Get ready to work up a sweat, pedal past some breathtaking scenery and explore Canada on two wheels. Here are five must-ride cycle routes:
Hornby Island, BC
Offshore of central Vancouver Island, Hornby offers something for cyclists of all tastes. For starters, road riders will enjoy expansive ocean views as they pedal the 40-or-so-km of undulating roadway from the ferry terminal to Ford Cove and back (with a stopover at Tribune Bay). If that’s not adventurous enough for you, Hornby also offers more than 80-km of single-track mountain bike trails up-and-down Mount Geoffery. Trails ranging from moderate to extreme crisscross the forest; make sure to bring a bike you can ride uphill as well as down. Whichever path you choose, finish your day at Thatch Pub & Wheelhouse Restaurant, overlooking Lambert Channel.
Kettle Valley Rail Trail, BC
It’s impossible to discuss cycling in British Columbia without mentioning the Interior’s classic ride: The Kettle Valley Rail Trail. Built as a railway by the Canadian Pacific Railway 103 years ago, this route is now a recreational trail extending for a whopping 600 km. It never exceeds a 2.2 per cent grade, so any bike capable of gravel-path riding will suffice. Some people even use cruisers on its shorter routes. Lengths range from kid-friendly five-kilometre jaunts to multi-day epics passing over several of the 18 vertigo-inducing trestles and through two historic tunnels.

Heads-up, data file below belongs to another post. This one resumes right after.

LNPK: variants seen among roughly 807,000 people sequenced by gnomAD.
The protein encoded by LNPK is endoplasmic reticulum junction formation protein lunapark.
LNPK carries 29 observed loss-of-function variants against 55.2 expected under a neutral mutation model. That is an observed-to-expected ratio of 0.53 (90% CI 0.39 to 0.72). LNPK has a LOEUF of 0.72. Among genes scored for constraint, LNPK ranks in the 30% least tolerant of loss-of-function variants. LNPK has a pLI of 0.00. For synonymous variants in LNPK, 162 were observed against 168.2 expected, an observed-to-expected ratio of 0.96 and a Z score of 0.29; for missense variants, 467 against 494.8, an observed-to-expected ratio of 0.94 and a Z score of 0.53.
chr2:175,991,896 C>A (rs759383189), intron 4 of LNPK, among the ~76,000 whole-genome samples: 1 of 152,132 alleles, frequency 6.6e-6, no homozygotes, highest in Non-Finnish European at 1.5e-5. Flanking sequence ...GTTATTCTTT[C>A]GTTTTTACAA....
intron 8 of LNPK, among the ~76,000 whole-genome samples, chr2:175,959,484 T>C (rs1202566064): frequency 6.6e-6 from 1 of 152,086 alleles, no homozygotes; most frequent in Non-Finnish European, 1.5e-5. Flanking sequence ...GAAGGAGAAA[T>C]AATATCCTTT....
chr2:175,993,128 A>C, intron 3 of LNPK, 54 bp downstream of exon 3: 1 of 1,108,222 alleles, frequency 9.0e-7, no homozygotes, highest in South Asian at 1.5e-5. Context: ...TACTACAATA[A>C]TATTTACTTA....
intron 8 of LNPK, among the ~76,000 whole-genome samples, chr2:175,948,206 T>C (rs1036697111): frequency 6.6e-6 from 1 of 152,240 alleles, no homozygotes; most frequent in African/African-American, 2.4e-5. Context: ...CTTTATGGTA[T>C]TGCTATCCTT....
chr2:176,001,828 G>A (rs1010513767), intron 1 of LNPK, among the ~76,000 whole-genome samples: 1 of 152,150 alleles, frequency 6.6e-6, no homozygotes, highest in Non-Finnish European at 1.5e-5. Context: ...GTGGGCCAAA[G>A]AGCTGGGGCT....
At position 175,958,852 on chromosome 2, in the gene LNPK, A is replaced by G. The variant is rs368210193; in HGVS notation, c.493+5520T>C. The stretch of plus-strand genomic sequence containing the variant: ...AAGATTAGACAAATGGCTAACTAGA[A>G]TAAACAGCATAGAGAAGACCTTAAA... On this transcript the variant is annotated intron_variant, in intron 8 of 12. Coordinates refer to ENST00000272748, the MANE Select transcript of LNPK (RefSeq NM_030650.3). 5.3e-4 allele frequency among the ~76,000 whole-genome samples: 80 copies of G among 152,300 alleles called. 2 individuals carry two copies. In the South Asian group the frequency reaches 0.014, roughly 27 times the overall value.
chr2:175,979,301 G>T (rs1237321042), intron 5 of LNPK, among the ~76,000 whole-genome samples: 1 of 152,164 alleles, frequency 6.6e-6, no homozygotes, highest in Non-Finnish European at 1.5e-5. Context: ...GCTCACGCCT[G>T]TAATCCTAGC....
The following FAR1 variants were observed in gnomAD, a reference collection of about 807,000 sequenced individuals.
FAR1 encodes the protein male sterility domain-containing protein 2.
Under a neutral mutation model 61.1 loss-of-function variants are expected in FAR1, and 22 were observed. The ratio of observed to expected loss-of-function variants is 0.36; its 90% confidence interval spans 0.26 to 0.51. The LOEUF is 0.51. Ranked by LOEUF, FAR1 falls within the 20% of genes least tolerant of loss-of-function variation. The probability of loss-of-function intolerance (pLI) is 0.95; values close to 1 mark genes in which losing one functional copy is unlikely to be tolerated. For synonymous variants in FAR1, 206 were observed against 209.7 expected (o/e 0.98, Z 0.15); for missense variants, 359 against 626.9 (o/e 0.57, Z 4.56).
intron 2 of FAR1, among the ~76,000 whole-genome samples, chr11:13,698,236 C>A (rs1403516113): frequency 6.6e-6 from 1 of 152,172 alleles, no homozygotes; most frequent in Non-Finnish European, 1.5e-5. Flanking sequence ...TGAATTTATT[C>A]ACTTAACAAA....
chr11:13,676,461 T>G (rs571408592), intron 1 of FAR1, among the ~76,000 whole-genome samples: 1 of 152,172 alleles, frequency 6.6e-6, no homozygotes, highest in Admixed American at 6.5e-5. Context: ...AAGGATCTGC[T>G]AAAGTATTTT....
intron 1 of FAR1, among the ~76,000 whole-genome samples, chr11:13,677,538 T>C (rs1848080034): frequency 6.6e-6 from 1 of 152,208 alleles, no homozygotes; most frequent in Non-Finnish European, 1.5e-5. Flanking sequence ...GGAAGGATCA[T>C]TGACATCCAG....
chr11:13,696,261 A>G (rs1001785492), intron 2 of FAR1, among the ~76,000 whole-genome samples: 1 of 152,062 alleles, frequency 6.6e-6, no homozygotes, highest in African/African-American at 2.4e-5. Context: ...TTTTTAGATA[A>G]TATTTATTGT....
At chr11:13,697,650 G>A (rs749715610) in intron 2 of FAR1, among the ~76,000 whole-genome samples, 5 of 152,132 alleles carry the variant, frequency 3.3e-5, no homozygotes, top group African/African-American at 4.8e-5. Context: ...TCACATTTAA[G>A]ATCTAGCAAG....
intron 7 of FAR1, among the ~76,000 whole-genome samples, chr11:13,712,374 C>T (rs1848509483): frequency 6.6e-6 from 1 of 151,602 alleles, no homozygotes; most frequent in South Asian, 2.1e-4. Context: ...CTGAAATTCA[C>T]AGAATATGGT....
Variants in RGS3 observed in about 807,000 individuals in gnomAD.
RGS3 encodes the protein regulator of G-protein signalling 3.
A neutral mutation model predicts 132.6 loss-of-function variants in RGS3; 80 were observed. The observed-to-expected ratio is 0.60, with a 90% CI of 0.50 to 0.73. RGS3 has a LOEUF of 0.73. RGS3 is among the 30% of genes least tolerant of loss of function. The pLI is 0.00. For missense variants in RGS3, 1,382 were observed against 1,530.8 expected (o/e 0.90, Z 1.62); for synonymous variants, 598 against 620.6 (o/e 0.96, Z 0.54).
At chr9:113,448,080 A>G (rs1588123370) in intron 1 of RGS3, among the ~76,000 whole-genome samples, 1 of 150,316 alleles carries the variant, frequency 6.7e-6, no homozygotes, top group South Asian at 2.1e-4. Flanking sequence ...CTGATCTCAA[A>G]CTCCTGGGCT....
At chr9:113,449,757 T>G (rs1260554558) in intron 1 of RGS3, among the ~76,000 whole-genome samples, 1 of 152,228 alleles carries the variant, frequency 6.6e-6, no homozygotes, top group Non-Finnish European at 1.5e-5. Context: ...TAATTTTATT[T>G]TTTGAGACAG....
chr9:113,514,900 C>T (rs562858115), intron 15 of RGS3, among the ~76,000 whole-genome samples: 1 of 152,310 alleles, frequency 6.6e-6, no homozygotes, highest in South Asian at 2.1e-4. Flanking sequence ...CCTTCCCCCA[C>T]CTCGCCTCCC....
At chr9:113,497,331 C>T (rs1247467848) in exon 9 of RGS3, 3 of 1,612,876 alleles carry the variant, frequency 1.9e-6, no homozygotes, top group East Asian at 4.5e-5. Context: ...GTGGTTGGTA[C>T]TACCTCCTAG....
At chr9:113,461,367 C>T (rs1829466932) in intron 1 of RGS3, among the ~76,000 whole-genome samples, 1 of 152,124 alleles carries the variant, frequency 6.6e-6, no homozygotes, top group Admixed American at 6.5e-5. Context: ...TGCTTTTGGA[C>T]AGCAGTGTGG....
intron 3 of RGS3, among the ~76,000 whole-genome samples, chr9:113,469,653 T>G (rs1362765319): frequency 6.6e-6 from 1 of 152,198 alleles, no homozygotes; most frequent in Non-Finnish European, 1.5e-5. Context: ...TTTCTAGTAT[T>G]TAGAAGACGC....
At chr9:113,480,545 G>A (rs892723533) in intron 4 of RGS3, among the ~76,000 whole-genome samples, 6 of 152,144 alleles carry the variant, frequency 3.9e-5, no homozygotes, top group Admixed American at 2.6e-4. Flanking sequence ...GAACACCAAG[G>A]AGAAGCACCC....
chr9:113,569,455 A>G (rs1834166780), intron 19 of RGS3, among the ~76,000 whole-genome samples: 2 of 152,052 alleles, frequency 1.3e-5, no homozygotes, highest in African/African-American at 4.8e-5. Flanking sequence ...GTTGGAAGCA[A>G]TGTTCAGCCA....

Edmonton River Valley, AB
Snaking alongside the muddy North Saskatchewan River, Edmonton’s River Valley represents the largest stretch of urban parkland in North American — an impressive 7,400 hectares, containing more than 160 km of bike paths. The majority of these trails are paved; perfect for road riders who like to go fast (some grades exceed nine per cent), with well-maintained gravel at the east and west ends. Mountain bikers can even make side-trips down steep-and-short “unofficial” paths; many with jumps at the bottom. However you choose to ride, the vibrant fall foliage and Old Man River scenery make Edmonton a bicyclist’s must-do.
Rossburn Subdivision Trail, MB
Admittedly, something called a “Subdivision Trail” doesn’t immediately sound exciting, but this easy-riding dirt path that winds from the town of Russell to Neepawa is worth checking out. Extending for 172 km, and passing through seven towns along its route, the path follows an abandoned rail line and is known for harbouring particularly good bird-watching. Horses and hikers will share the path with you, but by far and wide you’ll enjoy solitude as you pedal a short section or the whole darn thing.
Pelee Island, ON
As the southernmost point in Canada, Pelee Island, in Lake Erie’s western basin, tends to stay snow-free for up to a month longer than the rest of the province. Combine this lengthy cycle season with fall bird migrations and 34 km of on-road bike paths and you’ve got a recipe for cycle touring excellence. Ride along the south-shore’s beaches; visit a heritage lighthouse and finish up at the Pelee Winery. This is easy fall bicycling at its best. Local bike tours and rentals can even be arranged.